• ‘Claiming fusion as the essence of Nigerian modernism, the curators selected works of visual art that exhibited a hybrid character.’
    • ‘In Scotland, the Anglo-Normans were one more element in an already hybrid kingdom.’
    • ‘Some comments really do conjure hybrid cities and mixed realities.’
    • ‘Its hybrid character was unrecognized for many years, but it in fact showed the way in which vine-growing in the eastern United States would be developed.’
    • ‘But at the same time, he teases out of the monitor a hybrid video stream composed of diverse elements, synthesized and reordered.’
    • ‘It takes place in great modern cities, in regions, the Mediterranean region or California, of deeply hybrid cultures and economies.’
    • ‘But the city's polyglot hybrid culture also made it a gateway for young Indians from the hinterland to urban India in general.’
    • ‘It is distinctively hybrid in character: the EU's largest central administration and main policy manager, but also a source of political and policy direction.’
    • ‘The hybrid buses have small diesel turbines which re-charge the batteries as the bus runs a long.’
    • ‘Because of the hybrid nature of the elements, the imagery on these pieces has often been characterized as decorative and dismissed as lacking substantive meaning.’
    • ‘Advanced technology buses are now available that do not idle and that have even lower emissions and greater fuel efficiency than the current hybrid buses, which idle.’
    • ‘What strikes me about the passage is its hybrid character.’
    • ‘It's something else - a hybrid text - combining elements of fiction, autobiography, philosophy, poetry and prose.’
    • ‘I'm a product of a hybrid culture, so my aesthetic could never be solely based on the canon of English culture.’
    • ‘One can use a structure that promotes a combination of research elements to form a hybrid research method.’
    • ‘For many the gaming elements of a hybrid device could be a turn-off.’
    • ‘New adapted material systems like natural fiber composites, hybrid structures of metals, polymers and ceramics increasingly gain meaning in future.’
    1. 1.1 Bred as a hybrid from different species or varieties.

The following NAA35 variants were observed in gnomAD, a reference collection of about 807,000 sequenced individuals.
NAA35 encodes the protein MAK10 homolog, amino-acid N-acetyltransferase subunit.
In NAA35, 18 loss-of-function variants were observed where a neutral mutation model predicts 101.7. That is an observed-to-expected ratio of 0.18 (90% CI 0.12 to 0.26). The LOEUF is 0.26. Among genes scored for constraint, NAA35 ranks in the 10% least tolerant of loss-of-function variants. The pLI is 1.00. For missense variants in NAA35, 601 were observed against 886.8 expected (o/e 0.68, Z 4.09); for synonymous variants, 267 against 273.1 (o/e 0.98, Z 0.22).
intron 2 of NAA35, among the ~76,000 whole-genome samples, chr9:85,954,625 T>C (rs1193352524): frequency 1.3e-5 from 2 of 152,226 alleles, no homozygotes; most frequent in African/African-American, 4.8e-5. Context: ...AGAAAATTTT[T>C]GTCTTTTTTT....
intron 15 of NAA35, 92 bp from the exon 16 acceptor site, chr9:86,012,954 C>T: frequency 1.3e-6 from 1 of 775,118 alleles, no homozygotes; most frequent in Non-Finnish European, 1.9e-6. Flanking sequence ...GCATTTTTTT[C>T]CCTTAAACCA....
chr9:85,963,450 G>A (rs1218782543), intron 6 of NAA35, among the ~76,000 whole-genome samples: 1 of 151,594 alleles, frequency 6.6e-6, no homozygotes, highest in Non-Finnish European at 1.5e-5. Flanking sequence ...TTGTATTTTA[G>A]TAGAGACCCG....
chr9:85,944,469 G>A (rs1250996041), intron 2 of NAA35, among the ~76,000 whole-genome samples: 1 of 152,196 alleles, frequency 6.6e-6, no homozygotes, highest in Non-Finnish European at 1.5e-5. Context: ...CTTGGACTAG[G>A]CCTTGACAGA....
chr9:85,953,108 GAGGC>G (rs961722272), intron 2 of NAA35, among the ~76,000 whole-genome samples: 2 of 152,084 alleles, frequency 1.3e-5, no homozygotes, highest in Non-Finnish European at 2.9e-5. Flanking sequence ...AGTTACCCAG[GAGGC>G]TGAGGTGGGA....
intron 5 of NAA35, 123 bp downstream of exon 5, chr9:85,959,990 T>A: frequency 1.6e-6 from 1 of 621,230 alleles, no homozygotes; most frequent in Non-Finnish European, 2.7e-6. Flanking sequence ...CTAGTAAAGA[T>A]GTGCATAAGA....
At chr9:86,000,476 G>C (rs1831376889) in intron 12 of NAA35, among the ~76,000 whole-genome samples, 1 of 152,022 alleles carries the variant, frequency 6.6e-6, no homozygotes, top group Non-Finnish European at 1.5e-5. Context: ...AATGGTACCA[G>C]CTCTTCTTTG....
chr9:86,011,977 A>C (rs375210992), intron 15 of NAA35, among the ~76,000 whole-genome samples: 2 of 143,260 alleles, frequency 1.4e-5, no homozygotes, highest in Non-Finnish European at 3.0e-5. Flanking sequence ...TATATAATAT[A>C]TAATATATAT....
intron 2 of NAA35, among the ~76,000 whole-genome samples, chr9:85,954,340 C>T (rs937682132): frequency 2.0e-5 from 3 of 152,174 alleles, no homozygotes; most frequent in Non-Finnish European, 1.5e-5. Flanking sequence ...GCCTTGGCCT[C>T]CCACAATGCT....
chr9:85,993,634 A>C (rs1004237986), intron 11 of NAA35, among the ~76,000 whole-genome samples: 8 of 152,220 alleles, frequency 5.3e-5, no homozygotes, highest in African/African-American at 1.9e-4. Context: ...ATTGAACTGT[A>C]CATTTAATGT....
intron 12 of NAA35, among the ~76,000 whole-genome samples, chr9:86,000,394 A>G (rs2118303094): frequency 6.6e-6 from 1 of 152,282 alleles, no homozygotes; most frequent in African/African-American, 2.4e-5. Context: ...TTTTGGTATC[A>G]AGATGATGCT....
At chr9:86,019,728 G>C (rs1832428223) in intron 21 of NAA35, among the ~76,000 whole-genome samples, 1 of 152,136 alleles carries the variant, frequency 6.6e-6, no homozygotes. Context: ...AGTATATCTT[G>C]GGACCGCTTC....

‘a hybrid variety’
      ‘hybrid offspring’
      • ‘In my garden both the wildling and its hybrid offspring, in shades of pink and red, seed around on my heavy, acid soil.’
      • ‘You should at least be able to count on your seeds to be consistent, and so seed-saving should not be applied to hybrid varieties.’
      • ‘Yet many open-pollinated and hybrid varieties that have no listed disease resistances do have good resistance to certain pathogens.’
      • ‘This apart, even garden implements, organic manure and hybrid flower varieties were also on display.’
      • ‘This has resulted in the development of a variety of hybrid forms that have had marginal impact upon product-based development, whose needs they have been configured to meet.’
      • ‘The species marketed are new hybrid varieties.’
      • ‘For farmers the focus was on some of the latest developments in producing hybrid varieties of vegetables and fruits.’
      • ‘The 1970s brought the introduction and rapid spread of hybrid cotton varieties.’
      • ‘In general hybrid varieties provide the best production of central heads and better performance in hot weather.’
      • ‘And it has also come at a time when the country is fighting to develop hybrid varieties that are tolerant to drought and other stressful weather conditions.’
      • ‘The debate over whether or not to use hybrid varieties becomes very different when you switch from big-time agriculture to home gardening.’
      • ‘Usually, the hybrid variety is sold only between August and March and the regular yellow cocoon is sold in the summer months.’
      • ‘In addition, the genetic composition of the hybrid populations, the mating pattern, and population genetic structure also require quantification.’
      • ‘They also produce yields as much as 10 per cent higher than the best local hybrid maize varieties and are more tolerant of biotic and abiotic stresses.’
      • ‘One advantage of male-sterile plants is in the production of hybrid varieties of some species that currently are difficult and expensive to produce in quantity.’
      • ‘There are well over 300 species of Dianthus, including hundreds of hybrid varieties.’
      • ‘With the many new hybrid varieties that have been developed, your choices are myriad.’
      • ‘Most of the popular hybrid corn varieties grown in the area also have high yields of the fermentable starch desired for dry-mill ethanol plants.’
      • ‘These firms provide hybrid varieties of rabbits, whose meat and processed skin are exported.’
      • ‘Seed markets are generally built around hybrid varieties, which do not reproduce and so force farmers to purchase new seeds every season.’
      composite, cross-bred, interbred
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Early 17th century (as a noun): from Latin hybrida ‘offspring of a tame sow and wild boar, child of a freeman and slave, etc.’.